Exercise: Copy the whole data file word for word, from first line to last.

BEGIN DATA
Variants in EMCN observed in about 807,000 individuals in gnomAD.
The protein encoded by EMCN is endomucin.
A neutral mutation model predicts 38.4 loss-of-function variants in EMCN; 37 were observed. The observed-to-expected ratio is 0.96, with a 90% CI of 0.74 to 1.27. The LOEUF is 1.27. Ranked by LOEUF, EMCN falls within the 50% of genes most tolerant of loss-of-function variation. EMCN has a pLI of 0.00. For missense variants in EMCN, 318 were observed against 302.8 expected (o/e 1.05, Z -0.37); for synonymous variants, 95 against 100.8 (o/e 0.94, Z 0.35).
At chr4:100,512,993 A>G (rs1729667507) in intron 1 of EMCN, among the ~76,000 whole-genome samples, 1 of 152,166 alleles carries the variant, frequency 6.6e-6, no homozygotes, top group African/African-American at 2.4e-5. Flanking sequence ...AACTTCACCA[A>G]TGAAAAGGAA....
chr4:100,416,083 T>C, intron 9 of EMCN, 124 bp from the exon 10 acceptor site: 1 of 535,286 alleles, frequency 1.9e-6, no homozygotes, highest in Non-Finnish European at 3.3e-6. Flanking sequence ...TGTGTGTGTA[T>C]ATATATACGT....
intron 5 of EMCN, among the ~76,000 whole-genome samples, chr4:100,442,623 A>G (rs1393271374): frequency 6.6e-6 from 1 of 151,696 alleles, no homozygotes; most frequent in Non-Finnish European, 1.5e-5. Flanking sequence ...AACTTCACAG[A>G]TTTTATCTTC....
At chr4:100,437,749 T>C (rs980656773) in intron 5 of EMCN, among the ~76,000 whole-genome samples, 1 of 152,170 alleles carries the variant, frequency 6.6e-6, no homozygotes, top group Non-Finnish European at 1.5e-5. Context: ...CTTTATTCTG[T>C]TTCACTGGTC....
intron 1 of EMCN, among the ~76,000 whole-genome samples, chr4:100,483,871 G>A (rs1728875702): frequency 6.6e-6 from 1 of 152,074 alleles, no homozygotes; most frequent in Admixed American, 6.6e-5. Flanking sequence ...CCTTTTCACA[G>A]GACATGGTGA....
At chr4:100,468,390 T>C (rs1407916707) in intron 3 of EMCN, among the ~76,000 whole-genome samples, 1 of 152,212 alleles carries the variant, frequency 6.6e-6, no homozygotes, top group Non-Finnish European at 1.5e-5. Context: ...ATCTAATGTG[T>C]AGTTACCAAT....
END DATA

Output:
Variants in EMCN observed in about 807,000 individuals in gnomAD.
The protein encoded by EMCN is endomucin.
A neutral mutation model predicts 38.4 loss-of-function variants in EMCN; 37 were observed. The observed-to-expected ratio is 0.96, with a 90% CI of 0.74 to 1.27. The LOEUF is 1.27. Ranked by LOEUF, EMCN falls within the 50% of genes most tolerant of loss-of-function variation. EMCN has a pLI of 0.00. For missense variants in EMCN, 318 were observed against 302.8 expected (o/e 1.05, Z -0.37); for synonymous variants, 95 against 100.8 (o/e 0.94, Z 0.35).
At chr4:100,512,993 A>G (rs1729667507) in intron 1 of EMCN, among the ~76,000 whole-genome samples, 1 of 152,166 alleles carries the variant, frequency 6.6e-6, no homozygotes, top group African/African-American at 2.4e-5. Flanking sequence ...AACTTCACCA[A>G]TGAAAAGGAA....
chr4:100,416,083 T>C, intron 9 of EMCN, 124 bp from the exon 10 acceptor site: 1 of 535,286 alleles, frequency 1.9e-6, no homozygotes, highest in Non-Finnish European at 3.3e-6. Flanking sequence ...TGTGTGTGTA[T>C]ATATATACGT....
intron 5 of EMCN, among the ~76,000 whole-genome samples, chr4:100,442,623 A>G (rs1393271374): frequency 6.6e-6 from 1 of 151,696 alleles, no homozygotes; most frequent in Non-Finnish European, 1.5e-5. Flanking sequence ...AACTTCACAG[A>G]TTTTATCTTC....
At chr4:100,437,749 T>C (rs980656773) in intron 5 of EMCN, among the ~76,000 whole-genome samples, 1 of 152,170 alleles carries the variant, frequency 6.6e-6, no homozygotes, top group Non-Finnish European at 1.5e-5. Context: ...CTTTATTCTG[T>C]TTCACTGGTC....
intron 1 of EMCN, among the ~76,000 whole-genome samples, chr4:100,483,871 G>A (rs1728875702): frequency 6.6e-6 from 1 of 152,074 alleles, no homozygotes; most frequent in Admixed American, 6.6e-5. Flanking sequence ...CCTTTTCACA[G>A]GACATGGTGA....
At chr4:100,468,390 T>C (rs1407916707) in intron 3 of EMCN, among the ~76,000 whole-genome samples, 1 of 152,212 alleles carries the variant, frequency 6.6e-6, no homozygotes, top group Non-Finnish European at 1.5e-5. Context: ...ATCTAATGTG[T>C]AGTTACCAAT....